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Meet the Charlies Finalists



If you don’t recognize all the people in this composite picture, you definitely need to be at the 7th Annual Charlie Awards to see them in person. Two free tickets to the first five people who send me all the names in the order they appear to nancyw@foodservicenews.net Also note, not all the finalist are pictured, to make the challenge even greater.

Narrowing down the Twin Cities food and beverage talent to three finalists in nine categories (the exception is Rising Star, which has four finalists) proved to be much more difficult than finding a convenient parking spot near US Bank Stadium during the Super Bowl or patio dining in January. How do you define most excellent, when you’re surrounded by excellence? The only decision that proved to be a no-brainer was passing over Subway as a finalist for Outstanding Restaurant. 

The winners of each category will be announced February 25 from the stage of the Pantages Theater, and you need to be there. This is one night the entire Twin Cities foodservice community gathers together and celebrate itself. The winners may be on stage, but we’re all winners that Sunday night. Plus proceeds from the event and the VIP dinner, March 12, go to Open Arms, the official charity of the Charlies. 

Be sure to get your tickets to the event as well.

So just who are these finalists? Here’s a snapshot of each one that will show why they rose to the top:

 

OUTSTANDING RESTAURANT

Bellecour 

After his home run with Spoon and Stable, Gavin Kaysen opened this French-inspired bistro and bakery near the water in Wayzata. Foodies and the local food press consistently gave Bellecour high marks, and it made national news as well, including The New York Times Travel section right before Christmas. It’s sophisticated and charming, but ultimately comfortable and inviting. And the stylish food, whether from the dining room or bakery, never disappoints. 

Alma/Café Alma

We didn’t think we could love a restaurant more than Alex Roberts’ Alma, until we went next door and ate at its
sister’s fairly new place, Café Alma. The two venues have innovative, seasonal, Instagramable food that fires on all tastebuds. Alma is the perfect
pre-concert/play venue (to get you in that high-brow frame of mind), while the café is perfect for every other occasion—and OK, for pre-cultural events, too. 

 

Heyday

Like the other chef/owners in this category, Jim Christensen is an award-
winning chef, and his restaurant on Lyndale Avenue in Minneapolis is having its own heyday (the period of one’s greatest vigor and popularity). From the cool minimal décor to the complex layering of flavors in the food which has added some iconic dishes to the Twin Cites'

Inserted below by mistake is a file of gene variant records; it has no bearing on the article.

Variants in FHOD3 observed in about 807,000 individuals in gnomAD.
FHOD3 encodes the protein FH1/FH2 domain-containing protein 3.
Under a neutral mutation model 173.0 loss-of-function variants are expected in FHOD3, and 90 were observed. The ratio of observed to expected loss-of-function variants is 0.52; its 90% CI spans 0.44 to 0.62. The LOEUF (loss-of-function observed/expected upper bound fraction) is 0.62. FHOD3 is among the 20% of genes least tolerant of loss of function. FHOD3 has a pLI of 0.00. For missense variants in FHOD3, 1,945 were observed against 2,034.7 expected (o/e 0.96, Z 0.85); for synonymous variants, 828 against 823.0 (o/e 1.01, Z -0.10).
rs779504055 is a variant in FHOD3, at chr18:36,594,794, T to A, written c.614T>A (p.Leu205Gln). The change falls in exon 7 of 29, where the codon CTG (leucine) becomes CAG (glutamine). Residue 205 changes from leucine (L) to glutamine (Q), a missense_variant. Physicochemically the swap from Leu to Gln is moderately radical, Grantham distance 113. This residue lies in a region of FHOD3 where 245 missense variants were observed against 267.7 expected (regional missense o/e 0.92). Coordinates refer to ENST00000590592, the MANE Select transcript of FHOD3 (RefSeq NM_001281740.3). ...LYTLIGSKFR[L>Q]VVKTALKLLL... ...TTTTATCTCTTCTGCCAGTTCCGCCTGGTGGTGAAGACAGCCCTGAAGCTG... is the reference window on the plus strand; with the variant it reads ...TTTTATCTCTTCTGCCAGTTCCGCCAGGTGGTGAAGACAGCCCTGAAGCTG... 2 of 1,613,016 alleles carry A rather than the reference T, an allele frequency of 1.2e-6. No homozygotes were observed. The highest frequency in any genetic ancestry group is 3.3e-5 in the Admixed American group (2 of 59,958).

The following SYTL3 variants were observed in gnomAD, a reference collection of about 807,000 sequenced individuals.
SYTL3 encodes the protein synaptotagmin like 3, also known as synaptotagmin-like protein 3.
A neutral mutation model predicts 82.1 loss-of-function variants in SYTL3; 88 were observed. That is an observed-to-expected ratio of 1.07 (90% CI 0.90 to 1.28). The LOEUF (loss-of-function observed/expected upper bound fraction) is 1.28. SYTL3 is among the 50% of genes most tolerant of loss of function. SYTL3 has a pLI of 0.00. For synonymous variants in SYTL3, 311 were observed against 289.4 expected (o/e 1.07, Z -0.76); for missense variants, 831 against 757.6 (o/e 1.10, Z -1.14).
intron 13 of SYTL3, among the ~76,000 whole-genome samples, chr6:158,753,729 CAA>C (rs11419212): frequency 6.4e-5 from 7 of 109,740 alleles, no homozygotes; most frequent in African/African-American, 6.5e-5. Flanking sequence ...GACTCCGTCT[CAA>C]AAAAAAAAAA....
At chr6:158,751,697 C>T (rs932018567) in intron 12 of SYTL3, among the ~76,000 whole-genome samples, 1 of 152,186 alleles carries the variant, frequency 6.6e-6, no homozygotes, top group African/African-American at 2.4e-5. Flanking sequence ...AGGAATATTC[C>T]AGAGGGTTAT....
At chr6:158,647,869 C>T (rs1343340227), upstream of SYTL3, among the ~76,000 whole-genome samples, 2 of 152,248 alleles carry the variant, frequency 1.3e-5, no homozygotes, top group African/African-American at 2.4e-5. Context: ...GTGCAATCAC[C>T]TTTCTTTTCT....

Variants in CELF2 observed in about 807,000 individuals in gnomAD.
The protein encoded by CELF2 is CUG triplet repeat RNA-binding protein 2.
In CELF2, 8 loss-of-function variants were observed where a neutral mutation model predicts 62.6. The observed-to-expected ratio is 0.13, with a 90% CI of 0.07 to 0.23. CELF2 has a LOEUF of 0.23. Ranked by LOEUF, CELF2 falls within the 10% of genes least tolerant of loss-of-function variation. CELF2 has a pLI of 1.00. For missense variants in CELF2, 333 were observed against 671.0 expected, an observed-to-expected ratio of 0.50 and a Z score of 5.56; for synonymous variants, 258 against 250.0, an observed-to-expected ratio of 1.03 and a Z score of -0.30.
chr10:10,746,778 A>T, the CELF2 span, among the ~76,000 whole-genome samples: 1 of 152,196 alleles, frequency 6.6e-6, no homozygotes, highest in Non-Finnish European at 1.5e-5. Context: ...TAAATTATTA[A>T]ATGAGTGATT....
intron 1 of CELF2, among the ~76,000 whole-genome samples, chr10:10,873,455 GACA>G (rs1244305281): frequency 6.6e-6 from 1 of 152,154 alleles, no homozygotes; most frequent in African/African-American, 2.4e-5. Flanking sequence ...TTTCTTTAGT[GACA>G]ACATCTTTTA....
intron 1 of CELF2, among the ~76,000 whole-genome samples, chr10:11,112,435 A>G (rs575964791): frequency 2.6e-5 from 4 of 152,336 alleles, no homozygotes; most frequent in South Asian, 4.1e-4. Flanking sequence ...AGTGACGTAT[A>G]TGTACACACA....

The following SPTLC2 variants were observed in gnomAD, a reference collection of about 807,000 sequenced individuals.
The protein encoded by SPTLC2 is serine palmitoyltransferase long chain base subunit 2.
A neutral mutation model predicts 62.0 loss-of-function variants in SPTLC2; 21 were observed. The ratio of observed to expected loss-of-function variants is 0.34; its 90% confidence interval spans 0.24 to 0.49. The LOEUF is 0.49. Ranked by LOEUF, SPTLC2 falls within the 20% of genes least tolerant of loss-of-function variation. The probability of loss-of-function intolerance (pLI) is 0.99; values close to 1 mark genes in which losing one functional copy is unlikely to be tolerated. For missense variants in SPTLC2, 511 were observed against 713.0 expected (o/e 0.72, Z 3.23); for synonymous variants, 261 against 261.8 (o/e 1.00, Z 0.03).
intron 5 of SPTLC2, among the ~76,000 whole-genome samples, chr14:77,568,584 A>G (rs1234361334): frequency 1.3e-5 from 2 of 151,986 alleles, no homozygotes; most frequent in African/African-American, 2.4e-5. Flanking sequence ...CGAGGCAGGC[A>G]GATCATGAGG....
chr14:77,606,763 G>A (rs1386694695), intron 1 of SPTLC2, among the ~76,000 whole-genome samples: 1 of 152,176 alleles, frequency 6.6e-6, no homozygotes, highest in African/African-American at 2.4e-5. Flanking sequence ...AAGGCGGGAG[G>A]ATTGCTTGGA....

culinary lexicon, Heyday is exotic comfort. Even the restrooms are charming. 

 

OUTSTANDING SERVICE

Good Day Café

Nancy Webb is the smiling face behind the warm, competent service at Good Day Café, the busy Golden Valley restaurant that serves all three dayparts but is most known for its breakfasts—which everyone knows it the most important meal of the day. Coffee cups are kept full, plates are delivered in a timely manner and the large menu is lovingly prepared, fast. And if you don’t believe us, check out their reviews on Yelp.

 

Manny’s

If you’re a steak lover with a few bucks in your pocket, Manny’s is the place to be overindulged and entertained by savvy servers pulling wagons loaded with giant cuts of plastic-wrapped beef and a live lobster. Parasole's crown jewel, this is the ultimate, old-style steakhouse, where servers ensure that no one is left
unattended for long, unless they choose to be. Employees’ longevity also is a
testament that happy servers make happy guests. 

Mucci’s 

Want to know the definition of a good server? Being able to gently break the news  Saturday mornings that you’ve once again run out of doughnuts—and it's nowhere near the noon cut-off point. This St. Paul eatery doesn’t take reservations, so there’s a talent to keeping everyone happy—the diner who doesn’t want to vacate his table until the last of the bucatini has been slurped, dessert eaten and coffee fully sipped and the next-in-liner who wants his or her fair share of that home-cooked pasta and pizza from owner Tim Niver’s mother’s recipes. And there’s a reason Niver’s email address autocorrects his name to “nicer.” Everyone is pretty nice there. 

 

OUTSTANDING RESTAURATEURS

Brent Frederick/Jacob Toledo – Jester Concepts (Borough, Parlour, Monello, Constantine, Mercado by Earl Giles)

The team behind Jester Concepts not only runs popular, notable restaurants, they get into the minutia to be sure the concept fits the neighborhood and that the food routinely makes the best-of lists so popular in the Twin Cities. Finding
talent, keeping talent and replacing
talent in a restaurant town with lots of sexy concepts to aspire to takes a special style of restaurateur, which they are.

 

Ann Kim and Conrad Leifur – Young Joni, Pizzeria Lola, Hello Pizza 

Spouses Ann Kim and Conrad Leifur have parlayed their starter restaurant, Pizzeria Lola, into a three-restaurant mecca that’s not only a media darling, but a place where top talent wants to work.  Kim, who also serves as executive chef, and Leifur believe in collaborative leadership, and an environment where the flow from the front of the house to the back is flawless. Leifur is a graduate of Yale and has an MBA from Carlson School of Management, so he's no stranger to the finance side of running a restaurant. Young Joni, their newest restaurant, combines wood-fired pizza with Korean favorites in an atmosphere that speaks volumes about charismatic leadership's trickle-down  effect.